By Steve Goldstein, MarketWatch
There is considerable debate whether to “buy the dip” or not as financial markets react to the coronavirus outbreak.
Amundi Asset Management, Europe’s largest fund manager with €1.45 trillion ($1.6 trillion) in assets under management, is taking it one step further, and saying it sees opportunities in emerging market equities.
“Unless the ‘elevated uncertainty’ is able to derail the global economy into a shock—which is not our scenario now—excessive downward setbacks in prices could provide entry points for asset classes with attractive valuations and good fundamentals. In particular, we see selective opportunities in EM [emerging market] equity given the reacceleration of earnings growth, attractive valuations and the prospect of a weaker U.S. dollar /zigman2/quotes/210598269/delayed DXY -1.05% . The short-term issue due to the Chinese situation is an opportunity to add to this asset class, barring any disruption to the global outlook,” said Pascal Blanqué, Amundi’s chief investment officer.
In particular, the firm is recommending emerging markets that are relatively insulated from the virus and can benefit from either strong domestic demand or the continuing shift in the value chain.
“For example, we expect strong growth to remain in Vietnam, activity to slightly rebound in Indonesia and, the Singapore economy to benefit from stabilization and the eventual pickup of industrial production and global trade,” he wrote. On China, Amundi recommended being more cautious on vulnerable sectors such as hospitality and aviation, as well as tourism-related companies sensitive to Chinese demand.
The State Department warned Americans not to travel to China in the wake of the coronavirus, even as the World Health Organization said there was no need to cut off travel. The U.K. reported its first two cases.
The technology sector was in focus on two major stories. Amazon /zigman2/quotes/210331248/composite AMZN -2.83% was on track toward a $1 trillion valuation after reporting a $3.3 billion quarterly profit on stronger-than-forecast holiday sales. IBM /zigman2/quotes/203856914/composite IBM -4.31% announced Ginni Rometty’s eight-year run as chief executive will end and that she’ll be replaced by Arvind Krishna, who currently runs the cloud division.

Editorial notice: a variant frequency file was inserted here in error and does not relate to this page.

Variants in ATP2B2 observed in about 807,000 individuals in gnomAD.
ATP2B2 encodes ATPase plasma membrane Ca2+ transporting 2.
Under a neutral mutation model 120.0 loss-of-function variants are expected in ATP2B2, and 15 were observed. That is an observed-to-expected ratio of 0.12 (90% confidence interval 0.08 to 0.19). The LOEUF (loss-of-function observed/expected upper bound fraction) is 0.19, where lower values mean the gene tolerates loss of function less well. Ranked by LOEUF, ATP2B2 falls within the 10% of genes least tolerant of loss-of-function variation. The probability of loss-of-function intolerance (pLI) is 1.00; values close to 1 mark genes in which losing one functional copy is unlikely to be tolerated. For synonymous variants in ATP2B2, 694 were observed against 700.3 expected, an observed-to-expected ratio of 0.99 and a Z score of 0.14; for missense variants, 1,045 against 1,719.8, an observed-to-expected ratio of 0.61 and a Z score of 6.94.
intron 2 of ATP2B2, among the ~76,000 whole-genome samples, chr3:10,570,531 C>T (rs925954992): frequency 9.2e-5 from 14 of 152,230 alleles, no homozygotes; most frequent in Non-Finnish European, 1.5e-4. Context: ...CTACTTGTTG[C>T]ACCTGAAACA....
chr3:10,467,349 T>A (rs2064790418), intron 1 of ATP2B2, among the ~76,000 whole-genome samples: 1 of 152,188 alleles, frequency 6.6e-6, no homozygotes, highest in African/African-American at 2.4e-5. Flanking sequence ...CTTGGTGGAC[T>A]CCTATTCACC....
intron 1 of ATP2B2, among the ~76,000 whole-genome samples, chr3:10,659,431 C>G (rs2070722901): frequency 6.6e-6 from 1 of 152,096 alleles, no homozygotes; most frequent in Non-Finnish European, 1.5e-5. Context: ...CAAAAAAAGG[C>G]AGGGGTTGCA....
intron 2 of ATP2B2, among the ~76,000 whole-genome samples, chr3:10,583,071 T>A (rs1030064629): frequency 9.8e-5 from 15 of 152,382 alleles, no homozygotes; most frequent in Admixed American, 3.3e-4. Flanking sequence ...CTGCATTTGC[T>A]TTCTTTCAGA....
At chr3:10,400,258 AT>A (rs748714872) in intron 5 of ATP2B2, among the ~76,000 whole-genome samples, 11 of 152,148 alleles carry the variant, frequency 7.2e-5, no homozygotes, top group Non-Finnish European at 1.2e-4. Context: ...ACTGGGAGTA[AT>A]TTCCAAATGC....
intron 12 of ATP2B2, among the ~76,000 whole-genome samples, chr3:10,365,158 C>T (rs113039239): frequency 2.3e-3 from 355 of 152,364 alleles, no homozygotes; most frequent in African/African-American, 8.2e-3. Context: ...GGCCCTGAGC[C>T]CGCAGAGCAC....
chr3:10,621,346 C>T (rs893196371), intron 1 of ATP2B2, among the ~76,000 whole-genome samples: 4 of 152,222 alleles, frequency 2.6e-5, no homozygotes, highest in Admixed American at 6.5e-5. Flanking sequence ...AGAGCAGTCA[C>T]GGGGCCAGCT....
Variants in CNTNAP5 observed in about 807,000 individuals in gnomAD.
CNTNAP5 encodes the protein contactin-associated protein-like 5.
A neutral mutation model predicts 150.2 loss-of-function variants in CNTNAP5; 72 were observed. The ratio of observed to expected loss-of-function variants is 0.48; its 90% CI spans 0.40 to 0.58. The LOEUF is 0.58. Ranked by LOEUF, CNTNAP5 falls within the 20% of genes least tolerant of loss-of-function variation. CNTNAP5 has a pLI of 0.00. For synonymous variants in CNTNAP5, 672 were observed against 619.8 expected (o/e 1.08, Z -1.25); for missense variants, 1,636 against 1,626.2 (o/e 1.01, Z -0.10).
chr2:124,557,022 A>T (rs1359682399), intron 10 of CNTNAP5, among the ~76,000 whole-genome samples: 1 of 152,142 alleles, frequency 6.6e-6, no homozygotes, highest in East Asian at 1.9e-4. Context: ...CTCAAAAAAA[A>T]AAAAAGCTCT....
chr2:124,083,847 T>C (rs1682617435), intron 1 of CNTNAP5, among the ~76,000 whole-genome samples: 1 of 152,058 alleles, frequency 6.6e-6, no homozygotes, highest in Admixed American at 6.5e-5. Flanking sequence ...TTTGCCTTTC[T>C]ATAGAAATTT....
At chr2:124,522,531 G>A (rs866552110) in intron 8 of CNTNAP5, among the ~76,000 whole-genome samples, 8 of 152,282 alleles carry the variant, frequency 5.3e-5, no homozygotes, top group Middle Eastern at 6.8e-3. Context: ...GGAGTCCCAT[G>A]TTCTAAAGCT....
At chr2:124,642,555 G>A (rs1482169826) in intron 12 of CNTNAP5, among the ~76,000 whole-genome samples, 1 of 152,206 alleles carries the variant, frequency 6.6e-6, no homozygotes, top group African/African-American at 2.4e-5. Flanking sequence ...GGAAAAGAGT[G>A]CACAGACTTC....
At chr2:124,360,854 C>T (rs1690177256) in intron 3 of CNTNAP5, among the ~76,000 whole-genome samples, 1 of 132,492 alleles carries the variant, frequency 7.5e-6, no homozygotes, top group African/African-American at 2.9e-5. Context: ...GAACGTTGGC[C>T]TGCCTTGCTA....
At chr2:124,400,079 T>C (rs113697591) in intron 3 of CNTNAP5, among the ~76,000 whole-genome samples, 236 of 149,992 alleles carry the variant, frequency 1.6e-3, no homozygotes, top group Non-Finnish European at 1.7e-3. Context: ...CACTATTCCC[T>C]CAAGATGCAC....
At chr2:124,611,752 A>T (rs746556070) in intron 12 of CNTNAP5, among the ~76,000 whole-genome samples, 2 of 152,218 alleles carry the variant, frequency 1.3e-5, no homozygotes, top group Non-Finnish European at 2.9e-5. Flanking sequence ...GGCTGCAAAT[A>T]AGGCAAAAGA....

Reynolds Consumer Products /zigman2/quotes/216150988/composite REYN -1.85% said late on Thursday it priced its initial public offering at $26 a share, raising $1.2 billion. World Wrestling Entertainment /zigman2/quotes/207109722/composite WWE -3.29% may stumble after the resignation of its two co-presidents.
A wave of U.S. data showed steady wage growth and spending that slightly outpaced income. Chinese PMI data didn’t disappoint, though the survey period was largely before the spread of the coronavirus. South Korean and Japanese industrial production improved, while the eurozone economy barely grew in the final three months of the year.
On the political front, the U.K. officially exits the European Union on Friday night, though the relationship will be largely unchanged until the end of the year. The remaining drama from the impeachment trial ended on Thursday night as Sen. Lamar Alexander said he opposes calling witnesses, likely sealing a quick end.
U.S. stock futures /zigman2/quotes/209948968/delayed ES00 -0.16% declined on Friday, after three consecutive gains for the Dow Jones Industrial Average /zigman2/quotes/210598065/realtime DJIA -4.06% .
The 2011 thriller Contagion has surged into the iTunes Top 10 U.K. movie rental chart because of the coronavirus.
Sweet home, Alabama—suddenly, the Yellowhammer state is near the top of the rankings for incoming U-Haul trucks.
Neil Young compared the MacBook Pro’s audio capabilities to Fisher-Price’s .
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